Roundtable participants agreed that gestation housing deserves a deeper look. Ketchem cited SMS records’ analysis from several years ago: “At that time, there was no difference in death loss between pen and crated gestation. I think that’s different today, but I don’t think we can blame it all on housing. There are lots of things we’ve done differently.”

He added that SMS is working with some of the genetic companies to collect more details about farms’ gestation housing, feeding systems, group-pen sizes and the like, to better understand what’s happening today. He opened the offer up to anyone who was willing to share data with SMS.

Developing gilts right

The panelists agreed that a critical but daunting priority is to identify the key, lead measures within gilt development that will yield results on the sow farm. “Everything we measure is an outcome,” Ross said, “and I think we don’t spend enough time thinking about things that influence [the sow’s] outcome. It’s going to be really hard to make progress unless we start earlier and identify what the influential metrics are.”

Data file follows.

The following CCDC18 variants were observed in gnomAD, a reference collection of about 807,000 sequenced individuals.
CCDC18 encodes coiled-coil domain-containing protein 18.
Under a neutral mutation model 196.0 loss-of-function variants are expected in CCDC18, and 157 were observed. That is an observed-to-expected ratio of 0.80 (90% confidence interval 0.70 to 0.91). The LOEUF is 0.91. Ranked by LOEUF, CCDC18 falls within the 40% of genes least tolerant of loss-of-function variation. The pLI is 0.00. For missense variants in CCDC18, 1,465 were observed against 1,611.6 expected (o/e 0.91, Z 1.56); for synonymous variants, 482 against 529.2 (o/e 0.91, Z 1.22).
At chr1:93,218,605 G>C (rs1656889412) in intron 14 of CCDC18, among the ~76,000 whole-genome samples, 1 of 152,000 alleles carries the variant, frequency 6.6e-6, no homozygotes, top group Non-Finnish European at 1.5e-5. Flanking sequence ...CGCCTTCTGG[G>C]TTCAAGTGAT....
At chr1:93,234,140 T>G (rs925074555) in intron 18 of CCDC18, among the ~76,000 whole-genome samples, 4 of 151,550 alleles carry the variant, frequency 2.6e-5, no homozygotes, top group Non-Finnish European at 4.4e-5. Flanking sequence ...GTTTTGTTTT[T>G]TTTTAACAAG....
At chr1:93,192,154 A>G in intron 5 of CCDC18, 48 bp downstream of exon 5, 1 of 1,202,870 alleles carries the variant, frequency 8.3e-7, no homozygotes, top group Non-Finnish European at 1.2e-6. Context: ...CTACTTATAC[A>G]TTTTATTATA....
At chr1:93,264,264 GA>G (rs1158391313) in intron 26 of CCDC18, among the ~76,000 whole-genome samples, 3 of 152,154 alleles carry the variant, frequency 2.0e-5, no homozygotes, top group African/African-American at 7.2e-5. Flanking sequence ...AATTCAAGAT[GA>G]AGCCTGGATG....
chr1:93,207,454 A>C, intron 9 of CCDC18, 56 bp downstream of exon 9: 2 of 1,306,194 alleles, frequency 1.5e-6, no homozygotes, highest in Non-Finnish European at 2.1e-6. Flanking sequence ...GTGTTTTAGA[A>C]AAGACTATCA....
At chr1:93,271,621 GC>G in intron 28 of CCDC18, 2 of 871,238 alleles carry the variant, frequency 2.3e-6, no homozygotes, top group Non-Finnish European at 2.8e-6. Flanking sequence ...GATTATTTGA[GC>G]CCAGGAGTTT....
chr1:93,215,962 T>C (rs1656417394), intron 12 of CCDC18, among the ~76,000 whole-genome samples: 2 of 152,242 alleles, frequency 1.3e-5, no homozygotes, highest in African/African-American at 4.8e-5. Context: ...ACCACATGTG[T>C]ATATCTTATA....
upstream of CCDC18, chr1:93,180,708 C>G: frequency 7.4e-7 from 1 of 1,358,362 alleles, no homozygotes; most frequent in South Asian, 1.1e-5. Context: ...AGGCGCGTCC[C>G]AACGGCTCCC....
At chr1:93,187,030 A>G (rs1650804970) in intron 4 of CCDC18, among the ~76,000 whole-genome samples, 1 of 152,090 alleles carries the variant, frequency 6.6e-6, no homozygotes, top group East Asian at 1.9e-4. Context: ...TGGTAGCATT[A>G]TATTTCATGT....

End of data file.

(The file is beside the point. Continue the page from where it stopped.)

One of those lead measures is the gilt’s age at puberty. It’s one of the best indicators that no one tracks, Ross said. “It’s the same for sow longevity and sow lifetime productivity because it’s hard — right? We can measure survivability too, but I think that will be less of a focus if we’re doing things right earlier on.” Of course, these things are all easier said than done.